The Institute of Museum and Library Services (IMLS) and U.S. Department of Education (ED) launched an interagency collaboration with the New York Hall of Science to develop and implement STEM-rich making activities for 21st Century Community Learning Centers (21st CCLC) in eight states. This effort was Phase 3 of a project piloted in 2015, to provide afterschool educators with a six-week making curriculum that focused on exploring circuitry concepts through a series of maker based activities.
Making is a broad grassroots movement that inspires young people to be creative, imaginative and inventive and offers new and powerful approaches to STEM learning. At the heart of making is creating hands-on experiences that are student driven, invite creative exploration of materials and harnesses children’s inherent love of play as a developmental resource to blend STEM learning. It also allows for a variety of entry points and pathways for learning empowering young people to advance their understanding and skills as they develop and build out their ideas or inventions. The activity guides included here are written with upper elementary school-middle school age children in mind, but the activities can be adapted for all ages.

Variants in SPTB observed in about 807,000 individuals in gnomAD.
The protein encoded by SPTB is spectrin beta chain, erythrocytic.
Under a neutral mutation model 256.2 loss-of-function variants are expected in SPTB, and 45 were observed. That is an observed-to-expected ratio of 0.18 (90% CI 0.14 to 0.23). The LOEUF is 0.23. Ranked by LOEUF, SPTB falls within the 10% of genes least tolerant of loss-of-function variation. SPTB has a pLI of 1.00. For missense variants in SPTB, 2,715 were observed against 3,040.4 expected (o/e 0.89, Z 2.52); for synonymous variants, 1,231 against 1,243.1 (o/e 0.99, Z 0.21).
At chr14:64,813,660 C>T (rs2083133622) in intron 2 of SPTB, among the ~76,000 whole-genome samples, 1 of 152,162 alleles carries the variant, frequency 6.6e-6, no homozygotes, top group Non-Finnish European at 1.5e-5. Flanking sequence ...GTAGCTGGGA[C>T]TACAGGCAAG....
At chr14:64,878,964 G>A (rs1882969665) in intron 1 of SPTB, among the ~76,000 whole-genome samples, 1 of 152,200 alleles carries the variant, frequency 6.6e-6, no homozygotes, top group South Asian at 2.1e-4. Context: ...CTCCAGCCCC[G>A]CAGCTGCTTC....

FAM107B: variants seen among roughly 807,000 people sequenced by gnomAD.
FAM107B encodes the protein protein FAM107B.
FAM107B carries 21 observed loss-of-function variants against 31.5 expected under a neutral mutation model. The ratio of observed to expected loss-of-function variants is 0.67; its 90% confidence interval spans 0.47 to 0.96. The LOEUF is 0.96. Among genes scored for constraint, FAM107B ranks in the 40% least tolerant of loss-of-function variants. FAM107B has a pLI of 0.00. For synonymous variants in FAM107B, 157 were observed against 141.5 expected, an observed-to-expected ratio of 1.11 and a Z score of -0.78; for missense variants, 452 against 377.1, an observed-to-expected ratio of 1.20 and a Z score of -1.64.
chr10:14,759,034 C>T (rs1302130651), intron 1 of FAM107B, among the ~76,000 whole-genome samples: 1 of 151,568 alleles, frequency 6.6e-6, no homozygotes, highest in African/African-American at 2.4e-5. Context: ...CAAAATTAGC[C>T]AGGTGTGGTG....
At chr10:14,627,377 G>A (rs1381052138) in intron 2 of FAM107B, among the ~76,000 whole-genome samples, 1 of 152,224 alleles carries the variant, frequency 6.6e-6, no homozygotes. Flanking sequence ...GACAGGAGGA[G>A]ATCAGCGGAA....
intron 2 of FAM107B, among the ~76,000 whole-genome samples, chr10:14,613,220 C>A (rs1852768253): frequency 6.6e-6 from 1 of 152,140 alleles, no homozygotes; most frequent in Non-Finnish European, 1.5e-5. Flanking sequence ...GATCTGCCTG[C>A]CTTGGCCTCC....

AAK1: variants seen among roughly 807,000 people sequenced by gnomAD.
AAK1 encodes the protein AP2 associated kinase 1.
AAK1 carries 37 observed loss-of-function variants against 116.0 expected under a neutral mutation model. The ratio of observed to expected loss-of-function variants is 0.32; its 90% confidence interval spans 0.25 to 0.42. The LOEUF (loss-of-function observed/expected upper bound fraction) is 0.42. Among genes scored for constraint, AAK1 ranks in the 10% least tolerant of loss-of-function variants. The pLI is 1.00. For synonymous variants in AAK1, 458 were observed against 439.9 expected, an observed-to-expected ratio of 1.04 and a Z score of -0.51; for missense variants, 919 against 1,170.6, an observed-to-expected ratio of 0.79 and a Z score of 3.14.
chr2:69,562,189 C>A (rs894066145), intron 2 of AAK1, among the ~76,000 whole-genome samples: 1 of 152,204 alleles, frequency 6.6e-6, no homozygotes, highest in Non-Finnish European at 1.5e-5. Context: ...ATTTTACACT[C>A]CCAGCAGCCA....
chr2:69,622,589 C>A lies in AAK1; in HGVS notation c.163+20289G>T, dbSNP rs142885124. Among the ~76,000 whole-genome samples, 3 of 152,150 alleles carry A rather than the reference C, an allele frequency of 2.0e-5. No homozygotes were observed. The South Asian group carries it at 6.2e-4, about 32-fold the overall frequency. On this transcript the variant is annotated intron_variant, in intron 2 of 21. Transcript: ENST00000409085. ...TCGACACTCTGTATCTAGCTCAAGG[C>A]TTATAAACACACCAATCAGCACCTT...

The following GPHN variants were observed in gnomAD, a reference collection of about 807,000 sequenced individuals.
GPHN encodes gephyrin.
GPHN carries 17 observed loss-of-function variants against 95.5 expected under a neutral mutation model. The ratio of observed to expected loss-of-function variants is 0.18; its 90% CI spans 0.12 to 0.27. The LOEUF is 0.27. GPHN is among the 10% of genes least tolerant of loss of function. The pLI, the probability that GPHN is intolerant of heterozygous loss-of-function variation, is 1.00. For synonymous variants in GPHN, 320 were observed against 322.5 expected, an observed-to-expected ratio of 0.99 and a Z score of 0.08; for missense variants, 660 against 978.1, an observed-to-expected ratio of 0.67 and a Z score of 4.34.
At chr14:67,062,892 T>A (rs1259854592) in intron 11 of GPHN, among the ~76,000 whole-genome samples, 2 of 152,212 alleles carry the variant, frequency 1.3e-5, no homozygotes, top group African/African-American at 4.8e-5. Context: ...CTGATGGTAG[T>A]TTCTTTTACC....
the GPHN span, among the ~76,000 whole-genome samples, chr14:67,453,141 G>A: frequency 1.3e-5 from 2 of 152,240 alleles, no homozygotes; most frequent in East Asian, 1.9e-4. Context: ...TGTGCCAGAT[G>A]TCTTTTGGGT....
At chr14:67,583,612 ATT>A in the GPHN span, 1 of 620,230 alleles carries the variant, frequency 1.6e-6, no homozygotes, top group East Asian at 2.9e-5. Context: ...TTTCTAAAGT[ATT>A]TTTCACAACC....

These activities are designed to empower students as “makers”, using engaging design-based challenges that are student driven, and lead to materials literacy, divergent solutions, meaningful reflection and creative collaboration. There are six activities that can be implemented separately as a 60- to 90- minute session per day or grouped together to accommodate a longer day. The activities provide students with the opportunity to engage in hands-on activities that reinforce basic circuitry concepts utilizing everyday materials/tools and a variety of accessible electronic components such as LEDs, conductive thread, coin cell batteries and copper tape. Each activity is accessible by clicking on each separately above to view additional resources. The complete curriculum is also available for downloading and printing as an entire unit below.